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Berlin Brandenburg

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  • 1
    Language: English
    In: Plant physiology, May 2012, Vol.159(1), pp.299-310
    Description: Symbiotic nitrogen fixation occurs in nodules, specialized organs on the roots of legumes. Within nodules, host plant cells are infected with rhizobia that are encapsulated by a plant-derived membrane forming a novel organelle, the symbiosome. In Medicago truncatula, the symbiosome consists of the symbiosome membrane, a single rhizobium, and the soluble space between them, called the symbiosome space. The symbiosome space is enriched with plant-derived proteins, including the M. truncatula EARLY NODULIN8 (MtENOD8) protein. Here, we present evidence from green fluorescent protein (GFP) fusion experiments that the MtENOD8 protein contains at least three symbiosome targeting domains, including its N-terminal signal peptide (SP). When ectopically expressed in nonnodulated root tissue, the MtENOD8 SP delivers GFP to the vacuole. During the course of nodulation, there is a nodule-specific redirection of MtENOD8-SP-GFP from the vacuole to punctate intermediates and subsequently to symbiosomes, with redirection of MtENOD8-SP-GFP from the vacuole to punctate intermediates preceding intracellular rhizobial infection. Experiments with M. truncatula mutants having defects in rhizobial infection and symbiosome development demonstrated that the MtNIP/LATD gene is required for redirection of the MtENOD8-SP-GFP from the vacuoles to punctate intermediates in nodules. Our evidence shows that MtENOD8 has evolved redundant targeting sequences for symbiosome targeting and that intracellular localization of ectopically expressed MtENOD8-SP-GFP is useful as a marker for monitoring the extent of development in mutant nodules.
    Keywords: Protein Sorting Signals ; Medicago Truncatula -- Chemistry ; Plant Proteins -- Chemistry ; Vacuoles -- Chemistry
    ISSN: 00320889
    E-ISSN: 1532-2548
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  • 2
    Language: English
    In: Plant physiology, October 2012, Vol.160(2), pp.906-16
    Description: The Medicago truncatula NIP/LATD (for Numerous Infections and Polyphenolics/Lateral root-organ Defective) gene encodes a protein found in a clade of nitrate transporters within the large NRT1(PTR) family that also encodes transporters of dipeptides and tripeptides, dicarboxylates, auxin, and abscisic acid. Of the NRT1(PTR) members known to transport nitrate, most are low-affinity transporters. Here, we show that M. truncatula nip/latd mutants are more defective in their lateral root responses to nitrate provided at low (250 μm) concentrations than at higher (5 mm) concentrations; however, nitrate uptake experiments showed no discernible differences in uptake in the mutants. Heterologous expression experiments showed that MtNIP/LATD encodes a nitrate transporter: expression in Xenopus laevis oocytes conferred upon the oocytes the ability to take up nitrate from the medium with high affinity, and expression of MtNIP/LATD in an Arabidopsis chl1(nrt1.1) mutant rescued the chlorate susceptibility phenotype. X. laevis oocytes expressing mutant Mtnip-1 and Mtlatd were unable to take up nitrate from the medium, but oocytes expressing the less severe Mtnip-3 allele were proficient in nitrate transport. M. truncatula nip/latd mutants have pleiotropic defects in nodulation and root architecture. Expression of the Arabidopsis NRT1.1 gene in mutant Mtnip-1 roots partially rescued Mtnip-1 for root architecture defects but not for nodulation defects. This suggests that the spectrum of activities inherent in AtNRT1.1 is different from that possessed by MtNIP/LATD, but it could also reflect stability differences of each protein in M. truncatula. Collectively, the data show that MtNIP/LATD is a high-affinity nitrate transporter and suggest that it could have another function.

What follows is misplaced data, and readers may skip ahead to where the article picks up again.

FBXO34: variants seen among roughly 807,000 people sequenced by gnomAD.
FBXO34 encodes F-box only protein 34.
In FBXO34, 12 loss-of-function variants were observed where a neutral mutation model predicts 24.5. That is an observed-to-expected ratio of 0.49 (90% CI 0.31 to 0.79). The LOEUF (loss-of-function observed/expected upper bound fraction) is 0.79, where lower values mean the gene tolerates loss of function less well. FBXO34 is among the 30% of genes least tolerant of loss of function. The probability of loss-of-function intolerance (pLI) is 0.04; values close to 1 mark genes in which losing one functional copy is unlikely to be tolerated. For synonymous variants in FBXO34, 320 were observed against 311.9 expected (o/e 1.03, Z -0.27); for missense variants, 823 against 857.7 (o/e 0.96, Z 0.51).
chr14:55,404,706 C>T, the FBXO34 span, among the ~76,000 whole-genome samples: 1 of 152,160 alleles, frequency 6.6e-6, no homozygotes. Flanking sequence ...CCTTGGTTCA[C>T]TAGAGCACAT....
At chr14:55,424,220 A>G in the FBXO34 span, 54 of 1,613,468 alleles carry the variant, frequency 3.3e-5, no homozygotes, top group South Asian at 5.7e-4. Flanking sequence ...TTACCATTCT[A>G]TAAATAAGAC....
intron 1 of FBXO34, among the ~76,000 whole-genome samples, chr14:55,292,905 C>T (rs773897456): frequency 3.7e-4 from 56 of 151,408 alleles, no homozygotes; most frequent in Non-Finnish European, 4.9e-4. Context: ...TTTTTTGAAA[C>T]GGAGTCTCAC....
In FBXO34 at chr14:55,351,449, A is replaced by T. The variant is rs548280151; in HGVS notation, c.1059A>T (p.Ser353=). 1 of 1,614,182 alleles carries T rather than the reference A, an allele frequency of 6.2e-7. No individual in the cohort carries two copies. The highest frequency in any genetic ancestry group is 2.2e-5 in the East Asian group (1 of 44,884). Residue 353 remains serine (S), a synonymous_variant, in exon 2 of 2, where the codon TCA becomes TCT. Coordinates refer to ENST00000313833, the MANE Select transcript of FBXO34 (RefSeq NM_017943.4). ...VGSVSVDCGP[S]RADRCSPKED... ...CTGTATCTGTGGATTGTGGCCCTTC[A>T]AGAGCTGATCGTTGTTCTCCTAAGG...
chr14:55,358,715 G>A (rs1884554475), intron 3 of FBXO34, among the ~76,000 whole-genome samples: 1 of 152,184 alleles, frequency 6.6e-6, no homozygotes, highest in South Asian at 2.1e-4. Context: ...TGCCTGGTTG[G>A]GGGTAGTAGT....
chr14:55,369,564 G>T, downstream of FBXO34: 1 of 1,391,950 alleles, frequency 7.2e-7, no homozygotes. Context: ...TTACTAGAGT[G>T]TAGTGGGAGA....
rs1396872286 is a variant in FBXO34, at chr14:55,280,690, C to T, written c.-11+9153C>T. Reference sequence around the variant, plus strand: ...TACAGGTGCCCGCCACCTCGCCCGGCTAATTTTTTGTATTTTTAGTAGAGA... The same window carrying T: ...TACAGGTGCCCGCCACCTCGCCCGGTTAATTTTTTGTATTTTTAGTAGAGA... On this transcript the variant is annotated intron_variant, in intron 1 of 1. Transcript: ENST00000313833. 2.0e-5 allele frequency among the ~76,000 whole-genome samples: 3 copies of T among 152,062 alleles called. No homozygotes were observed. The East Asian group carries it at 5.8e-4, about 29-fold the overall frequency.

Keywords: Genes, Plant ; Anion Transport Proteins -- Metabolism ; Medicago Truncatula -- Metabolism ; Nitrates -- Metabolism
    ISSN: 00320889
    E-ISSN: 1532-2548
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  • 3
    Language: English
    In: Plant physiology, June 2007, Vol.144(2), pp.682-94
    Description: The AGC protein kinase family (cAMP-dependent protein kinases A, cGMP-dependent protein kinases G, and phospholipid-dependent protein kinases C) have important roles regulating growth and development in animals and fungi. They are activated via lipid second messengers by 3-phosphoinositide-dependent protein kinase coupling lipid signals to phosphorylation of the AGC kinases. These phosphorylate downstream signal transduction protein targets. AGC kinases are becoming better studied in plants, especially in Arabidopsis (Arabidopsis thaliana), where specific AGC kinases have been shown to have key roles in regulating growth signal pathways. We report here the isolation and characterization of the first AGC kinase gene identified in Medicago truncatula, MtIRE. It was cloned by homology with the Arabidopsis INCOMPLETE ROOT HAIR ELONGATION (IRE) gene. Semiquantitative reverse transcription-polymerase chain reaction analysis shows that, unlike its Arabidopsis counterpart, MtIRE is not expressed in uninoculated roots, but is expressed in root systems that have been inoculated with Sinorhizobium meliloti and are developing root nodules. MtIRE expression is also found in flowers. Expression analysis of a time course of nodule development and of nodulating root systems of many Medicago nodulation mutants shows MtIRE expression correlates with infected cell maturation during nodule development. During the course of these experiments, nine Medicago nodulation mutants, including sli and dnf1 to 7 mutants, were evaluated for the first time for their microscopic nodule phenotype using S. meliloti constitutively expressing lacZ. Spatial localization of a pMtIRE-gusA transgene in transformed roots of composite plants showed that MtIRE expression is confined to the proximal part of the invasion zone, zone II, found in indeterminate nodules. This suggests MtIRE is useful as an expression marker for this region of the invasion zone.